Lekhak BooksLechhak Books
Twelve books that will make you a better writer and storyteller
I always like the one I' m going to have. I' m getting the storyline, the protagonists, the author's vote. On the last pages I can experience a kind of premonition of the end, which is why I often follow a sequential and sometimes obsessive approach to the works of a novelist I like.
So, when I tried to pick my top references from the books I was reading in 2017, which will make you a better author in 2018.... well, it was torture. They' not necessarily my favourite books (although some are), but they will make you a better author. And most of them are not new books.
In 2017 I didn't start reading some of them for the first reading, I reread them. You can rediscover the best books: There are 12 books here that can help you become a better author in 2018: Roz's novel is sorrowful, sincere and (often dark) comical. It' a great reading, even if you're not talking about ageing parent or grandparent - and not me; my parent passed away years ago.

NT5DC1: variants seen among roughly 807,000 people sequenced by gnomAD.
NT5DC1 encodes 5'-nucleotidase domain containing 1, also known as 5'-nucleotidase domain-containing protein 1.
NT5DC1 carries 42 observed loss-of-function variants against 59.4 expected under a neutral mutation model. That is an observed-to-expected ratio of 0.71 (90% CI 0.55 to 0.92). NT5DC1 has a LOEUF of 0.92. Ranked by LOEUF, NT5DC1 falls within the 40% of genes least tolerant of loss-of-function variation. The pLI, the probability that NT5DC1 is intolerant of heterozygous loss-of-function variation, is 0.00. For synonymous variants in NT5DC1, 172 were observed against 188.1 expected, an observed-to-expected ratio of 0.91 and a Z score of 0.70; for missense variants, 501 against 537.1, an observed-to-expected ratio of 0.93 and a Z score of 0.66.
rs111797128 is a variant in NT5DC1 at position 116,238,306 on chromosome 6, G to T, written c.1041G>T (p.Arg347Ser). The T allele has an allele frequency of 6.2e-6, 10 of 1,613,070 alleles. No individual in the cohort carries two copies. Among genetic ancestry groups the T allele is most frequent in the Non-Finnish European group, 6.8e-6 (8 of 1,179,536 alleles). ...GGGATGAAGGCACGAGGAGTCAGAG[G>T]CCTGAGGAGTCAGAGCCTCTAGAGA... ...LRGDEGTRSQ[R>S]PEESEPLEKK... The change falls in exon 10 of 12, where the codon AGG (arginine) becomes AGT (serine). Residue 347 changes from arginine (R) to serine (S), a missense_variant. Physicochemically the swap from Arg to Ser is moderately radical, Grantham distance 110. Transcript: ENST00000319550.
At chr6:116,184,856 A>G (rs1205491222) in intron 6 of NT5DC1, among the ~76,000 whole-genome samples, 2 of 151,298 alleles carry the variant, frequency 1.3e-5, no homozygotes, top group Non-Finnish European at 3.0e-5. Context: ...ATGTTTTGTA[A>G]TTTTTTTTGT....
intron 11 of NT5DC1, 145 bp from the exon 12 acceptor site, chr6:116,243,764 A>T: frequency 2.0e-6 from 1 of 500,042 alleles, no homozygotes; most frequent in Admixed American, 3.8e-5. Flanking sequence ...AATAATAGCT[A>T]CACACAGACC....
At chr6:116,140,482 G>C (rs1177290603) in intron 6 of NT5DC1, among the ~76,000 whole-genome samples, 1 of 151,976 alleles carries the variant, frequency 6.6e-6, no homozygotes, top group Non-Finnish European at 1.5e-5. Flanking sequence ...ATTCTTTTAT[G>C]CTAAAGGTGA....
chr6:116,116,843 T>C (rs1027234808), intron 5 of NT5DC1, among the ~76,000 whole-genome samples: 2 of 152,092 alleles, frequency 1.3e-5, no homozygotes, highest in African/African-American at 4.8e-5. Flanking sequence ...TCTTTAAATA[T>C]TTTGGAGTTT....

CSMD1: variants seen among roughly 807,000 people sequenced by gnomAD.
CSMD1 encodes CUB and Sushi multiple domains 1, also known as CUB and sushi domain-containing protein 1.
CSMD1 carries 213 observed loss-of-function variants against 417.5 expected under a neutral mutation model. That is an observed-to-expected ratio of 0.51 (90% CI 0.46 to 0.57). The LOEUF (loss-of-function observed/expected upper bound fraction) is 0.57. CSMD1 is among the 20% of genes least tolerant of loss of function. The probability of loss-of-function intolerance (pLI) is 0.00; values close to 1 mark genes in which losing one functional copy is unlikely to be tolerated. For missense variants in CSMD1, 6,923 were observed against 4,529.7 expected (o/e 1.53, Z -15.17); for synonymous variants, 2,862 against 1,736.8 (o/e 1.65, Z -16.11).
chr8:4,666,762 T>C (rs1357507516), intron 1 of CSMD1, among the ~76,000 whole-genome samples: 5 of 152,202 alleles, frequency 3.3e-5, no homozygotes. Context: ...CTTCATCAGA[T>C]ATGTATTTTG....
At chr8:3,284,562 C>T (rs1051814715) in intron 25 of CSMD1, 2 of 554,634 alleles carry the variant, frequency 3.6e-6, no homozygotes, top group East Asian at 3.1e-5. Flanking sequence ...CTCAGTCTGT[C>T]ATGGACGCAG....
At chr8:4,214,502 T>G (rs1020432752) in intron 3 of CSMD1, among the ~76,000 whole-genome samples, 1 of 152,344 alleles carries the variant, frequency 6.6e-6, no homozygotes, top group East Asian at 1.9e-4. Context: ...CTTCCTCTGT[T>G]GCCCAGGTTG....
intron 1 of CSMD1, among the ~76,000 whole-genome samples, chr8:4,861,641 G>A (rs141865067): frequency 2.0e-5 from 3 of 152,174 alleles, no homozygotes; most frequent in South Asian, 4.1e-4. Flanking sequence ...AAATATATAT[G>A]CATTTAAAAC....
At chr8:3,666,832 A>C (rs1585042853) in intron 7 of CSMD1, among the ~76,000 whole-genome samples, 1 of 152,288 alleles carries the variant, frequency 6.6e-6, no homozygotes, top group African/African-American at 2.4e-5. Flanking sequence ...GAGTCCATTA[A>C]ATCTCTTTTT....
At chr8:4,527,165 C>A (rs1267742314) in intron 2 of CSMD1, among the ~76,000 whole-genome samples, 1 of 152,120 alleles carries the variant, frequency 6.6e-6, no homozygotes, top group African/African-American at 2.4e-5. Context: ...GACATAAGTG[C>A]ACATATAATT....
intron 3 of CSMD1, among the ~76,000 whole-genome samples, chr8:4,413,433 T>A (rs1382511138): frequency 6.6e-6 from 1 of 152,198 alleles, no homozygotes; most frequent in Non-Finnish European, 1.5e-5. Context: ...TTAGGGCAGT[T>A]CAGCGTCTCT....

It' by my girlfriend Mindy Fried, a social ologist who wrote about the care of her 97-year-old dad in the last year of his career, with a policy background (her dad was an actress, author and a work organiser who was named before the House Un-American Activities Committee). Writing about common things in an unusual way (B-to-B authors, I'm looking at you).
All of these books document everyday life experiences - but with a view and approach that makes the story anything but prose. Years ago my boyfriend Mitch Joel suggested the Steven Pressfield novel to me, and I read it in 2017. On the other hand, Steven's autobiography is about postponement.
And I hesitated to do so. Lucia Berlin publishes this set of shorts in posthumous style. It turned out to be one of the most important books I started studying in 2017. It makes your poetic speech sizzle. Not always a nice piece of work.
However, Lucia's linguistic usage, the speed of her fiction, the unorthodox nature of grammar and the depth of her character remained with me long after I graduated. Sometimes I drive down the street by mechanical means, and all of a sudden I notice that I am commemorating a Lucia Berlin film.